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BioTime, Inc. Message Board

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  • a__1 a__1 May 5, 1998 1:46 PM Flag

    I am long

    Wow lots of posts over the weekend, so I'm sorry
    about replying to such an old message. MarkVoelker said
    the following:

    By the way, this points up
    another untruth claimed by shortseller Asensio. He
    states
    in his reports and news releases that BioTime
    "Has no assets." Eight patents and an
    Exclusive
    License Agreement with a major pharmaceutical company
    form a valuable
    franchise indeed and are quite a
    set of assets. This is in addition to the $6 Million
    in
    cash the company has in the bank. If he knows
    BioTime owns these patents, he's
    lying to his
    clients. If he doesn't, he's incredibly negligent in his
    research.
    ---Mark A. Voelker

    Unless a patent is
    lisenced in, whereupon a value can be placed on it, the
    patent is not counted on the balance sheet, ergo he is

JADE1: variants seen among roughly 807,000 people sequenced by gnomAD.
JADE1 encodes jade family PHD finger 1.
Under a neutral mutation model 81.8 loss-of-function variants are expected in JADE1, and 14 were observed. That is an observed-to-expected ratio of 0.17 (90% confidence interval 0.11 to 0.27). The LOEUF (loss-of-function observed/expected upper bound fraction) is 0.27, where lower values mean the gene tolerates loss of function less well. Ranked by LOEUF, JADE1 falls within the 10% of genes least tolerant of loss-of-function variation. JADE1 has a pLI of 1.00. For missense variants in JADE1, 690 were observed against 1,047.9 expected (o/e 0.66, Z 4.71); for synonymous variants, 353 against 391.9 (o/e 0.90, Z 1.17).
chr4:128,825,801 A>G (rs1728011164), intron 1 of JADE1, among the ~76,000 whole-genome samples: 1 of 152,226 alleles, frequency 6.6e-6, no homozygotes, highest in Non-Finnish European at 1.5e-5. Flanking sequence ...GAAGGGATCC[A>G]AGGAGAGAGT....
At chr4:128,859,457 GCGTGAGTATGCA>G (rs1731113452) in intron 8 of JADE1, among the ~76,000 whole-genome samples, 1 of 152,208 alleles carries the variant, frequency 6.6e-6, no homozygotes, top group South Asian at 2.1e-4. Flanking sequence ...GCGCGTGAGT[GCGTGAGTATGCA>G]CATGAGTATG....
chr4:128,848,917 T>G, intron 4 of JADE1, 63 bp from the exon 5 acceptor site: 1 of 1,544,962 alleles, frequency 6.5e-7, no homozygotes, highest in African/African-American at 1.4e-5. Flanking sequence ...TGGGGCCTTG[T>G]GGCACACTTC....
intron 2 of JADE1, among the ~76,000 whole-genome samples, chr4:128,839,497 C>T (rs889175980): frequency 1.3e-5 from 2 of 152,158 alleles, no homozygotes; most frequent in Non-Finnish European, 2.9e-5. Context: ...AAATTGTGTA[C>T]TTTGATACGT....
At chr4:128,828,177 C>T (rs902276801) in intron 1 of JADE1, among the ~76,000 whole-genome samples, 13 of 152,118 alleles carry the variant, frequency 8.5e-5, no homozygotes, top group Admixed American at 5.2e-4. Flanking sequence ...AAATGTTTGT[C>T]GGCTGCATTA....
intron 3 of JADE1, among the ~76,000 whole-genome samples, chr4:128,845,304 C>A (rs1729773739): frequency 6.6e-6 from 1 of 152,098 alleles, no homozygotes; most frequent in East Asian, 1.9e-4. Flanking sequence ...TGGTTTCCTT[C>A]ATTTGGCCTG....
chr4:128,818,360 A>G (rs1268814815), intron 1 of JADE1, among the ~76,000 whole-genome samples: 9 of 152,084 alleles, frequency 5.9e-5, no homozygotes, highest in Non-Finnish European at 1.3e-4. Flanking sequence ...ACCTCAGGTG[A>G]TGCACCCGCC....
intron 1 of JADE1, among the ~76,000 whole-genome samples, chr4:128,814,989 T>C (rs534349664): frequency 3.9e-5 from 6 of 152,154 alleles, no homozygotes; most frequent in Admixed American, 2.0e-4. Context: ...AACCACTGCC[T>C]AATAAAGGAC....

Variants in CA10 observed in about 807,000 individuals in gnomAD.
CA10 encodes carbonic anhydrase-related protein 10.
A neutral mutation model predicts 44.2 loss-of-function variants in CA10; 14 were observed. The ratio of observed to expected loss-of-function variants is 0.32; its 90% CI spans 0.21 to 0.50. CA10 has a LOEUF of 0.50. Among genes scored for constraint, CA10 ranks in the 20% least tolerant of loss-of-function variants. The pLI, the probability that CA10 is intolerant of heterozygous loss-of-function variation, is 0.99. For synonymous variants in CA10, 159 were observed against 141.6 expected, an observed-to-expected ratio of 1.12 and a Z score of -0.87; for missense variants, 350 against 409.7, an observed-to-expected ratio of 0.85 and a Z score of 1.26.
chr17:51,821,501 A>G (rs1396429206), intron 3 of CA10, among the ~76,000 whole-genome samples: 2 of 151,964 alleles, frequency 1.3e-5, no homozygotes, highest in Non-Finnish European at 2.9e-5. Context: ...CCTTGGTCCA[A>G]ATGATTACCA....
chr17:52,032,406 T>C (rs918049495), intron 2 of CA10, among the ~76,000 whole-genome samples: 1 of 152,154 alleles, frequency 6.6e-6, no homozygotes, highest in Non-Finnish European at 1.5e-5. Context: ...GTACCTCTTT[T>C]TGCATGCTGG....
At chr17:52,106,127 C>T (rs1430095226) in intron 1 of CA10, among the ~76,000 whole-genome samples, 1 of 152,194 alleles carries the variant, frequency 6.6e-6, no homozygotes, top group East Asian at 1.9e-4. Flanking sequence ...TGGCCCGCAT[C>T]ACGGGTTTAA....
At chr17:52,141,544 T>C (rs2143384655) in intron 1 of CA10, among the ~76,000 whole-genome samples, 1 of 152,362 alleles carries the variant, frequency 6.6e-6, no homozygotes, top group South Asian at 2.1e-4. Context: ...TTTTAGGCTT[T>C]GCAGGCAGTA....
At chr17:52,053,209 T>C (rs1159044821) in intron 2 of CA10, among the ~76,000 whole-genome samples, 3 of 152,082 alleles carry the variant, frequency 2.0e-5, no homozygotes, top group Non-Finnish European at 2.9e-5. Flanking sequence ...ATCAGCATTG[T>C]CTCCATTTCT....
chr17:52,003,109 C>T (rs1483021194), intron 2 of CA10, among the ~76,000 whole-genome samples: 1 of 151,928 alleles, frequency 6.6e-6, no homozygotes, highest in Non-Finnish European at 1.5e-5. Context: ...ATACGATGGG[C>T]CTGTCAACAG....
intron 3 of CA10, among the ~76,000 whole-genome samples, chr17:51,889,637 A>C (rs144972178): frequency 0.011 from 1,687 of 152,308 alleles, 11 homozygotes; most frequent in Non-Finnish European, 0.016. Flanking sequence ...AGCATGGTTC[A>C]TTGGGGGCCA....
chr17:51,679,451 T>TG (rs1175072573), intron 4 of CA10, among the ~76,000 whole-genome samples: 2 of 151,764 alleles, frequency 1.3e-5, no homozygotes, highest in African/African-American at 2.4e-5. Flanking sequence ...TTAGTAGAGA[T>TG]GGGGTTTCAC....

not lying, at least about the patents. This is to
    prevent companies from inflating their balance sheet by
    overvaluing their patents

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    • "a_1" in message 1247 took issue with my claim
      that BioTime's six patents covering Hextend and their
      other solutions are assets, and that Asensio was
      negligent or dishonest in claiming that BioTime "has no
      assets" and "no valuable technology."

      "a_1" said:
      "Unless a patent is lisenced (sic) in, whereupon a value
      can be placed upon it, the patent is not counted on
      the balance sheet, ergo he is not
      lying."

      BioTime's patents do in fact cover the solutions licensed